Applications for the connection of large-scale wind power generation to transmission networks are presenting new issues both for transmission system planners and generation developers. One of the major problems faced is the assessment of transmission system capacity requirements for the export of power from areas with high penetration of variable and intermittent sources of generation such as wind power. A method for evaluating the required transmission connection capacity from an area dominated by wind generation to the main interconnected system is presented, based on historical time series data for both wind power generation output and the demand in the group. The operational implications for the transmission system and generation owners are evaluated using a cost-benefit approach. The method is demonstrated for a number of network situations. Conclusions are drawn about the value of the method and, more generally, about the trade-off between investment in transmission capacity and curtailment of wind generation under favourable wind conditions.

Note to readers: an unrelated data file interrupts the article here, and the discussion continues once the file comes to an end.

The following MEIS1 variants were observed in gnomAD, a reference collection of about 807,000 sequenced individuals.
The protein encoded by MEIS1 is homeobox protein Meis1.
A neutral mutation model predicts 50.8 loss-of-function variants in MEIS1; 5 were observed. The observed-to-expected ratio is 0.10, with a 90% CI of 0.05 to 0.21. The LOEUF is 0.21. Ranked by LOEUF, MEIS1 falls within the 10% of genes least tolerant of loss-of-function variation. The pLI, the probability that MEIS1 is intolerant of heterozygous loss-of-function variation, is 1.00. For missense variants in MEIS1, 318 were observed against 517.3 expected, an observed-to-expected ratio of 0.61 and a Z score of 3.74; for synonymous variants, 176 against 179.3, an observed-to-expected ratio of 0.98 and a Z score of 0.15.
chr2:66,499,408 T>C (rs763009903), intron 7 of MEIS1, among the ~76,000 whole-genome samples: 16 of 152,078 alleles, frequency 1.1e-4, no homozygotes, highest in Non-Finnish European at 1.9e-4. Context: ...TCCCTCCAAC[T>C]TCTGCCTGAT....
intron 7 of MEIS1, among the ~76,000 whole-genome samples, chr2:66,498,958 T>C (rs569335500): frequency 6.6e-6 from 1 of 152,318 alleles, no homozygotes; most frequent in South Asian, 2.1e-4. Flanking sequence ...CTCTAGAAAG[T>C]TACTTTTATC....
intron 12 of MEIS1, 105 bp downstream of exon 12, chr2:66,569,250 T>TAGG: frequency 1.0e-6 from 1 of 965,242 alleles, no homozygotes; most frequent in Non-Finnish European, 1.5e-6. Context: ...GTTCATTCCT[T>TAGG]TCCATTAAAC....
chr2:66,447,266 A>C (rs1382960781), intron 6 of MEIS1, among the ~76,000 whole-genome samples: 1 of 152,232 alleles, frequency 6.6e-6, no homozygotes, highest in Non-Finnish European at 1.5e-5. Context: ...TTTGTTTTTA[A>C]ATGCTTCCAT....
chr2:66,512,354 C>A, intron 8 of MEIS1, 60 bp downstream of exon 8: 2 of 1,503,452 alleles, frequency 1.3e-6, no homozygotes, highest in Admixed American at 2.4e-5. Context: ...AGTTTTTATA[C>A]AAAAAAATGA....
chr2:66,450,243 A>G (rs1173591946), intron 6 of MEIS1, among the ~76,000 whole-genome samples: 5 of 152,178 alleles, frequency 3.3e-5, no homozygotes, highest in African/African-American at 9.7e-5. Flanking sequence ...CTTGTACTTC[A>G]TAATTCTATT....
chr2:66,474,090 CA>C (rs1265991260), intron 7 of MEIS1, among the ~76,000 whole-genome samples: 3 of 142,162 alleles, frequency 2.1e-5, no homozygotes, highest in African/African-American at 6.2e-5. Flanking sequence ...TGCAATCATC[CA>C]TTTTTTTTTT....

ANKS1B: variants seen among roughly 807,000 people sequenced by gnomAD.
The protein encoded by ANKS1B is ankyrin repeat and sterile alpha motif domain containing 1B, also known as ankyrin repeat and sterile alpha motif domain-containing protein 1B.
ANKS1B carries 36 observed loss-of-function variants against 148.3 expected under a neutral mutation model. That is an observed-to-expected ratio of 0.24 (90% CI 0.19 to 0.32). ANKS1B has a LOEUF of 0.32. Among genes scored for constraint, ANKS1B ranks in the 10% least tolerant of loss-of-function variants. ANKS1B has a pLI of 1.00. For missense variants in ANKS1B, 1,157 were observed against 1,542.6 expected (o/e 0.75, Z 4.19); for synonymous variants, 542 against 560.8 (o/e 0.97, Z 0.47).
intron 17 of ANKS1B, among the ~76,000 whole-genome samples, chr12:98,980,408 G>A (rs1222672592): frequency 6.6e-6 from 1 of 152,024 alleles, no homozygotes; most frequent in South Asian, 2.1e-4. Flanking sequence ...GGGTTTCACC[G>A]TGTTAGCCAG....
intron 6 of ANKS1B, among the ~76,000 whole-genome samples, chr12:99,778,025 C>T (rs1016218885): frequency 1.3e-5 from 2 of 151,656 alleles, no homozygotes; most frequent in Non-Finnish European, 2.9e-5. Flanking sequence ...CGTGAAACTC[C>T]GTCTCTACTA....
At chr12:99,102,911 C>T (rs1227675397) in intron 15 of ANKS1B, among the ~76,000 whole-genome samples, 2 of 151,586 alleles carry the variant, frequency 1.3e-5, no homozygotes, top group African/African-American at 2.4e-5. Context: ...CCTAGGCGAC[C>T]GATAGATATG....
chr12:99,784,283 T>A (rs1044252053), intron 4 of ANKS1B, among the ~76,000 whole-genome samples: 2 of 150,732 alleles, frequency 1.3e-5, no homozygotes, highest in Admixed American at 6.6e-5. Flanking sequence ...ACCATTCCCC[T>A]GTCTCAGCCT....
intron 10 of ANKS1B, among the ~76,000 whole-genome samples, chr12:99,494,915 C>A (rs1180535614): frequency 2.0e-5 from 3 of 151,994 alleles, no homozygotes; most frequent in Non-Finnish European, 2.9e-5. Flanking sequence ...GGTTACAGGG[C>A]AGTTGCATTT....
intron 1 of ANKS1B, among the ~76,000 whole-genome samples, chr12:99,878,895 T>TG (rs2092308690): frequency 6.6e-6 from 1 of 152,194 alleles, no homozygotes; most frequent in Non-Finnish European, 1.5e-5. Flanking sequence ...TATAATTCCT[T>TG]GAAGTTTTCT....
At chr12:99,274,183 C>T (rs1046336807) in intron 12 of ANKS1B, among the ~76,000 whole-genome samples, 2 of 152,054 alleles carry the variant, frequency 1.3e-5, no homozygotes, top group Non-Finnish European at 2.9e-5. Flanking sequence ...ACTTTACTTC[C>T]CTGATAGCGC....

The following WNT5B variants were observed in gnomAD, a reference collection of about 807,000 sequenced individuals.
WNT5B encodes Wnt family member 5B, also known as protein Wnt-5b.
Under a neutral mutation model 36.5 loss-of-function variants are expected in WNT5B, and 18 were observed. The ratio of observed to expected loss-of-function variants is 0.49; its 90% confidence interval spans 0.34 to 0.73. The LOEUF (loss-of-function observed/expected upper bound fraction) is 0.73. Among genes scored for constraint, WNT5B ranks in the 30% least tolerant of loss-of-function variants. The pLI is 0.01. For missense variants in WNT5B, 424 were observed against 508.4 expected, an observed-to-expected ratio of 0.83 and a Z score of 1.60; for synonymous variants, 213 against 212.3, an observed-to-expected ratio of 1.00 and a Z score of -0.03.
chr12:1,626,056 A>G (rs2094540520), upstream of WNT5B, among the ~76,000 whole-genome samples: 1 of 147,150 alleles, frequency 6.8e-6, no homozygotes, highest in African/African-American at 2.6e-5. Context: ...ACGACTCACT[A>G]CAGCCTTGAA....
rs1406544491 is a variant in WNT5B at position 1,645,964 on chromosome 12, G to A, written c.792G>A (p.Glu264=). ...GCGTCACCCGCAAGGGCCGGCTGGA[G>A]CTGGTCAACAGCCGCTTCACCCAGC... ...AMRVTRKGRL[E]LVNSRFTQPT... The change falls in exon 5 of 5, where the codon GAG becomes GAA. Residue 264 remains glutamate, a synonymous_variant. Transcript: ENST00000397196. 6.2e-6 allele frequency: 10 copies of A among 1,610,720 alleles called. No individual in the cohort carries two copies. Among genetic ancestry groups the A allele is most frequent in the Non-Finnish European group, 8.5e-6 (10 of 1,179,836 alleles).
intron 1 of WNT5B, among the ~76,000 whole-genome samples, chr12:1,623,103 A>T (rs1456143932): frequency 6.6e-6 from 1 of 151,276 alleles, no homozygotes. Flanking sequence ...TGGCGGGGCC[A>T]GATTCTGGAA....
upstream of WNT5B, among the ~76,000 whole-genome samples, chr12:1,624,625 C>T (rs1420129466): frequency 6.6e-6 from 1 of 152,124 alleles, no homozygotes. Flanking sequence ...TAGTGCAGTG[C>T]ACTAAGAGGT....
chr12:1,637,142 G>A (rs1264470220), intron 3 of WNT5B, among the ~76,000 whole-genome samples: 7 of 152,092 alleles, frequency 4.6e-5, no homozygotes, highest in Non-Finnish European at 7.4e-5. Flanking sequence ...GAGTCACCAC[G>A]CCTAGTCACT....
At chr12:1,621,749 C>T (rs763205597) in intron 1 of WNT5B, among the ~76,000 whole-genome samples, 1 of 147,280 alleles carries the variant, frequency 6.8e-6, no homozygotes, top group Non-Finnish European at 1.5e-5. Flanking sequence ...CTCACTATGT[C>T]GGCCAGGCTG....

- cost-benefit analysis
- power generation economics
- power system interconnection
- large-scale wind power generation